#16
Quote by fingrpikingood
You've done this before. I am very careful with my wording. I use words like "may" and "might" for a reason. I didn't say "don't do what works for you, because for sure you'll get screwed in the future."

I said, be careful, because sometimes what is best for you now, and comfortable for you now, is not the best strategy, because working on what is difficult will eventually make it easy and comfortable, and sometimes that's something you're going to need to do anyway if you want to get to a certain level.

Obviously, many people have different techniques that work for them. I know I do. But I also know that i've had to change a lot of things, and I've learned a number of things about technique in both guitar and piano, that I only realized I ever had to change once I got advanced enough, to notice their limitations.


It's not about a "right way" or a "wrong way" It's about "method x let's you do ABC, whereas method y lets you do A"

So, it is careful. One shouldn't just do whatever because it is easier for them now. If you want what's easy, then you won't get far in guitar. Guitar is tough. Obviously you want to make it as easy as possible, but sometimes what is mechanically easiest, requires a lot of work in dexterity.

You can also play beautiful music real slow. But if you get good enough, you will start to notice why "proper technique" ever became a thing in the first place.

If you want to really develop your physical ability on the guitar as much as possible, be as physically skilled as possible, you will be better off trying to figure out the best technique right away, and start practicing it at the beginning. I would have much preferred that. But it took me a while to get good enough to care, also.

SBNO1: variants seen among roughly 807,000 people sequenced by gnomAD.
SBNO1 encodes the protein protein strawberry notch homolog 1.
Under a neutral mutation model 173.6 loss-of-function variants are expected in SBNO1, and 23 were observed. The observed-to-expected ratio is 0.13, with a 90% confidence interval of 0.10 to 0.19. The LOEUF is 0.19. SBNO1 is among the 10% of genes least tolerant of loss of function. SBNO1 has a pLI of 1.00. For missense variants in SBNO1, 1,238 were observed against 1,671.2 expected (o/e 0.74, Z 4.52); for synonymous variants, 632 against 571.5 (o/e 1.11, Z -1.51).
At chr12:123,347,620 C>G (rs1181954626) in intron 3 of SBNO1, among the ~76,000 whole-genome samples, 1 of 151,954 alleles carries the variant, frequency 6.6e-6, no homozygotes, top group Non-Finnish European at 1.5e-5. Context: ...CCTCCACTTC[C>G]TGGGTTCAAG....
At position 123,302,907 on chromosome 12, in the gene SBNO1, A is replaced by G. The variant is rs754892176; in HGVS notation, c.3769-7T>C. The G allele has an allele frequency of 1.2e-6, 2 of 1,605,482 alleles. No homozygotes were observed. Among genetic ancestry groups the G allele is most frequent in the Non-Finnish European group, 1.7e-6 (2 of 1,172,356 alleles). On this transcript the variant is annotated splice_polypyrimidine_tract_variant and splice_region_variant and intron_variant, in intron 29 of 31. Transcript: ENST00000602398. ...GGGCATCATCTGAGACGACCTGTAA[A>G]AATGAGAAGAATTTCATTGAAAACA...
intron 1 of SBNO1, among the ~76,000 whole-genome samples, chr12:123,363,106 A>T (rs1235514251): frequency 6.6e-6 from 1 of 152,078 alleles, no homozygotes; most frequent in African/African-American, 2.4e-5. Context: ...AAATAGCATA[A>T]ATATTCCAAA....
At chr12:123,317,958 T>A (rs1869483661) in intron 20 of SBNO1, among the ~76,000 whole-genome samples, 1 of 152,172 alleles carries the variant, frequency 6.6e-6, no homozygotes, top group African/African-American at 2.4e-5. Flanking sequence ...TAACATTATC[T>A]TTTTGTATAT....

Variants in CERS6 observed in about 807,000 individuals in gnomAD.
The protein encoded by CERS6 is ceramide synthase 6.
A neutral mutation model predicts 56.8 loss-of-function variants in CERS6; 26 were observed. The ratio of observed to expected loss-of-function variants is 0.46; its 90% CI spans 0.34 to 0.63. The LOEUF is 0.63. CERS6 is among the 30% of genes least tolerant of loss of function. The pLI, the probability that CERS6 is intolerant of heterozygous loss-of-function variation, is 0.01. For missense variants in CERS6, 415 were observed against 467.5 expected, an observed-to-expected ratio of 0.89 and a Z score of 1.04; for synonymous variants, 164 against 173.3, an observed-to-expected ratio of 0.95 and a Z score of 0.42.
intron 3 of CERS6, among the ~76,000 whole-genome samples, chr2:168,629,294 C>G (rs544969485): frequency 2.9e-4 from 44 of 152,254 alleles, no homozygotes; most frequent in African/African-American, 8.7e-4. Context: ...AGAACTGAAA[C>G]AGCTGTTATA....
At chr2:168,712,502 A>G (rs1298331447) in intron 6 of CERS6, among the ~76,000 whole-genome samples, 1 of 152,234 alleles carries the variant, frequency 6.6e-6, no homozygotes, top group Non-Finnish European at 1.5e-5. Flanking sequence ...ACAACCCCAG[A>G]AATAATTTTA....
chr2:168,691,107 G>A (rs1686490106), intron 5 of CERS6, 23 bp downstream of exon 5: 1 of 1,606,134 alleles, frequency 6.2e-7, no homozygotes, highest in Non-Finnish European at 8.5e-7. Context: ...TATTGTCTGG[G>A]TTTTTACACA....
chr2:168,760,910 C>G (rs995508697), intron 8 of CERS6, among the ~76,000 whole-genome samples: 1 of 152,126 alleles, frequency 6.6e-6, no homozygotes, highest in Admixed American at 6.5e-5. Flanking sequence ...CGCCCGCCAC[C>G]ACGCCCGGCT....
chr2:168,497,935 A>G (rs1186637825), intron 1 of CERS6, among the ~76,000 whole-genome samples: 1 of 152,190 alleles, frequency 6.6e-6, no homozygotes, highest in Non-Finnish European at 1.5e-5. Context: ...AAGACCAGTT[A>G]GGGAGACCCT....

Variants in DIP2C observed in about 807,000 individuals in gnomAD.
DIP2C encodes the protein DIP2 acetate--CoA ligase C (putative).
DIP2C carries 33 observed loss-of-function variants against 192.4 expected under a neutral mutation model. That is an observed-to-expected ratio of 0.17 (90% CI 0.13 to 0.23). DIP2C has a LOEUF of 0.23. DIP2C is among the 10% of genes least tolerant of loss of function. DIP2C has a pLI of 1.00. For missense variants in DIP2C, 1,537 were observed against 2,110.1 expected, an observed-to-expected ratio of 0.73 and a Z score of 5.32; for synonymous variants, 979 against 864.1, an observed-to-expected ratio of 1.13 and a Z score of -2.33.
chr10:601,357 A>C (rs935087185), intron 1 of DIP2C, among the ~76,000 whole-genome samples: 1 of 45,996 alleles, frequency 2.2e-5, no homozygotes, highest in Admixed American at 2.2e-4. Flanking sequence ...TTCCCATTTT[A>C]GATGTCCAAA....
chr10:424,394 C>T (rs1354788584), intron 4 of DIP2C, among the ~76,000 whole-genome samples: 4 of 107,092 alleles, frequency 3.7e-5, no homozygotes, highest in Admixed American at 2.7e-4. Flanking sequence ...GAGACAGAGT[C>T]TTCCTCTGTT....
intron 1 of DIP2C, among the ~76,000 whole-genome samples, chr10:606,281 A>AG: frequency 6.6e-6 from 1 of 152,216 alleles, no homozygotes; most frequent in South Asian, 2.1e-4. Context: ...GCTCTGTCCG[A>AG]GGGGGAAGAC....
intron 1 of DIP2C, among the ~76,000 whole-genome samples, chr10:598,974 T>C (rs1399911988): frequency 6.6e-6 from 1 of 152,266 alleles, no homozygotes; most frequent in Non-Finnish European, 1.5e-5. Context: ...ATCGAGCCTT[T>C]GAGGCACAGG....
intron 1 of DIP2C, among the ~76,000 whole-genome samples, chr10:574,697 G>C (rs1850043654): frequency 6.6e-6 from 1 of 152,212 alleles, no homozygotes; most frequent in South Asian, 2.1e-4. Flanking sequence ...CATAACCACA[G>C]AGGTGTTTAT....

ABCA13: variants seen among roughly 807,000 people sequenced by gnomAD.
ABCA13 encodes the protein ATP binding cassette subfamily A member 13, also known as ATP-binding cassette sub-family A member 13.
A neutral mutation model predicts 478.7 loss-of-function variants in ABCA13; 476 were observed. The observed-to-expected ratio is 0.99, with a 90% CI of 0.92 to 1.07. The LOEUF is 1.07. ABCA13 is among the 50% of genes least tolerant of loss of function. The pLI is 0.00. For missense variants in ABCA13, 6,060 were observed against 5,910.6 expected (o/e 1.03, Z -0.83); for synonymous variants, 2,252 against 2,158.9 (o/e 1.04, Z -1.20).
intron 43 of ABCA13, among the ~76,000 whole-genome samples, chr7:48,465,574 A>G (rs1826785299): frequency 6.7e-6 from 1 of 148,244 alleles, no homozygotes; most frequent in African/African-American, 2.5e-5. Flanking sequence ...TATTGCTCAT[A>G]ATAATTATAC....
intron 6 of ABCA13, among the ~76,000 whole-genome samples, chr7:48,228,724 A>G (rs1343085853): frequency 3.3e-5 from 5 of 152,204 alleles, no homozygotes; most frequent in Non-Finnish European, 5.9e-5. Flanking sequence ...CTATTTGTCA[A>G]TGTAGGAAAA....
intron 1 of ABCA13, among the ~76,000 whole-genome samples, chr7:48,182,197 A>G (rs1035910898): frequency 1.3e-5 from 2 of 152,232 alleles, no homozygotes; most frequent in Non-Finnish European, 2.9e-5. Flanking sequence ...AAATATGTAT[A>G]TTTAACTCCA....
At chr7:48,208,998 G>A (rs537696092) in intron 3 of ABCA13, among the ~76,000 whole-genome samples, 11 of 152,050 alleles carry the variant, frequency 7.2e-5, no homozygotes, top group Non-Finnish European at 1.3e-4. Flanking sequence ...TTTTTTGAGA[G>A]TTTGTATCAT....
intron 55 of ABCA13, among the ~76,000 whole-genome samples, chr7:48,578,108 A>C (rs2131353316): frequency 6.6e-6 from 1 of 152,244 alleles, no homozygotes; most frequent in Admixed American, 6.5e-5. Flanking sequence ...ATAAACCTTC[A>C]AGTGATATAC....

ummm.. this is a discussion board right? just because you use qualifier terms doesn't mean there is no discussion. i understand what you are saying and i hope you understand what i'm getting at. i'm not saying to be lazy but sometimes you have to make adjustments that may not work for others or be considered the "best" way to do it. results count any way you look at it.
#17
Quote by monwobobbo
ummm.. this is a discussion board right? just because you use qualifier terms doesn't mean there is no discussion. i understand what you are saying and i hope you understand what i'm getting at. i'm not saying to be lazy but sometimes you have to make adjustments that may not work for others or be considered the "best" way to do it. results count any way you look at it.


Ya, I get it, but you started by saying "I don't agree with this." And then you said "because sometimes people use unique techniques that work for them."

Which has nothing to do with what I said, because since I said. "may" and not "will" I was already acknowledging that fact.

So, you still haven't disagreed with me yet, like in that other thread that got closed. I'm fine with discussion. I'm just saying, that's twice you are quick to disagree with me, whereas if you read carefully, you would see that the part you disagree with, is not something I said.

It's not a big deal, I'm just saying.
Last edited by fingrpikingood at May 5, 2015,
#18
Quote by monwobobbo
(a) years ago a friend told me that Rock guitar players were the laziest bunch around so always look for the simplest way to do things and chances are that's what they did for much of the classic rock stuff he's right.

(b) keep in mind that much of the "accepted" way to play guitar comes from way before rock or even jazz were even though of. if you take classical guitar then yeah you'll get beaten for doing the thumb thing.

(c) just goes to show you that blues style playing isn't as easy as it seems and utilizes different techniques. good bends and decent vibrato aren't as simple as some would like to think. i worked hard on both as i found them to be some of my strong points over playing super fast.


(a) yeah probably I'm certainly pretty lazy. That being said, a lot of the greats have the sense to not make things hard on themselves, too. Which I'm not sure is exactly the same thing.

(b) Agreed. And, as you implied, before electric guitars came about. Much like the fosbury flop thing- the technology and kit changed, which changed the technique.

(c) Agreed. Same here- I can play fairly quickly (but not the really hardcore shred stuff) but my strength (if I have one ) is probably more feel than chops (I think ). As I said above, a lot of the people who get really pedantic about proper technique in one way completely ignore it in another (bends and vibrato).